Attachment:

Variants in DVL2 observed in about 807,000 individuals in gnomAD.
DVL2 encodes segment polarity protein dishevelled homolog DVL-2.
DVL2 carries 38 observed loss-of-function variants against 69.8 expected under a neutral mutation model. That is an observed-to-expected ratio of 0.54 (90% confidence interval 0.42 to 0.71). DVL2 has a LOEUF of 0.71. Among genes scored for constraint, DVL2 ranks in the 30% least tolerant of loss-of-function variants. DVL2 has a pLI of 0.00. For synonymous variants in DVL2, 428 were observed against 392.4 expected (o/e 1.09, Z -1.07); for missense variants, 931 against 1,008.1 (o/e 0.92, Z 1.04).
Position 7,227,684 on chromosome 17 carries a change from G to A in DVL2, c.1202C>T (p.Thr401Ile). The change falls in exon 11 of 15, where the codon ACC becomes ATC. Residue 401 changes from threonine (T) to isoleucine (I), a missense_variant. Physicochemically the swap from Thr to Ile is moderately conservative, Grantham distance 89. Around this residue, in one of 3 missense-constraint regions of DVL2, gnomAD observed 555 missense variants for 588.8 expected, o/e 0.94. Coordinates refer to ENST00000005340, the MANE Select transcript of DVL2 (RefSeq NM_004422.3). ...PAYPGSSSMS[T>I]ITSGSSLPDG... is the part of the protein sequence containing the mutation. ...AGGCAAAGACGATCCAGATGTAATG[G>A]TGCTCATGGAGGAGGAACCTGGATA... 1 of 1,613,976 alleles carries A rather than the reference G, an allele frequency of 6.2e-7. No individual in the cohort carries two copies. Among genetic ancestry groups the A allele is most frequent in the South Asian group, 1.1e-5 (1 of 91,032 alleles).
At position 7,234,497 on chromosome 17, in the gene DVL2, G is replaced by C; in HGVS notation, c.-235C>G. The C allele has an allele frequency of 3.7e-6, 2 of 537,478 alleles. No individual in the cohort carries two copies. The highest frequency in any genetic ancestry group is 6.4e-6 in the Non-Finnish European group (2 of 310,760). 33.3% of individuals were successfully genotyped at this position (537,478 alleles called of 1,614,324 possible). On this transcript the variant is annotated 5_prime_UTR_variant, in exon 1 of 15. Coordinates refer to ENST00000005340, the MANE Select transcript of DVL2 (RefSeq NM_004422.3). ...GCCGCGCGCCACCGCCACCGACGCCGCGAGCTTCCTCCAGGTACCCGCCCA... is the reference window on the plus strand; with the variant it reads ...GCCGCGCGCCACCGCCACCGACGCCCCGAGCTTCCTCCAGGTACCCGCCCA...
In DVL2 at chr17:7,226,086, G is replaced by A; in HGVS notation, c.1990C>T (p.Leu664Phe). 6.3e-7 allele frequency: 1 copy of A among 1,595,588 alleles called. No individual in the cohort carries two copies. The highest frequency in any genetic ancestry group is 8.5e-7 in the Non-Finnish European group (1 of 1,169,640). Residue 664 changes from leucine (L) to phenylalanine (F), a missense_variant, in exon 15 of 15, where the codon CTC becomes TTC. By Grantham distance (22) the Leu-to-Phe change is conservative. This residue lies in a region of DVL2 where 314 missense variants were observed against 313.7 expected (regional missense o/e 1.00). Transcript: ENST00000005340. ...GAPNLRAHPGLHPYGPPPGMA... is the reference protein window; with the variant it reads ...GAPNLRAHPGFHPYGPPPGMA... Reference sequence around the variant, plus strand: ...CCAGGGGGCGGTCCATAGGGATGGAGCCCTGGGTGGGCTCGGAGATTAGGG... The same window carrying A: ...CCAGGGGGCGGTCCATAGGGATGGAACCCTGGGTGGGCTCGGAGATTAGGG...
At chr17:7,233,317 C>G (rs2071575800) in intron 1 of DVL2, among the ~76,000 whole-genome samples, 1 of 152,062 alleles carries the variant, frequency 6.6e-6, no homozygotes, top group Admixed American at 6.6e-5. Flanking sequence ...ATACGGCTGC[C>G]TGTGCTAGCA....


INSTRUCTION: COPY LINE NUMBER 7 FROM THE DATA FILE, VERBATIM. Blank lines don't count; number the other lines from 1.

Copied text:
At chr17:7,233,317 C>G (rs2071575800) in intron 1 of DVL2, among the ~76,000 whole-genome samples, 1 of 152,062 alleles carries the variant, frequency 6.6e-6, no homozygotes, top group Admixed American at 6.6e-5. Flanking sequence ...ATACGGCTGC[C>G]TGTGCTAGCA....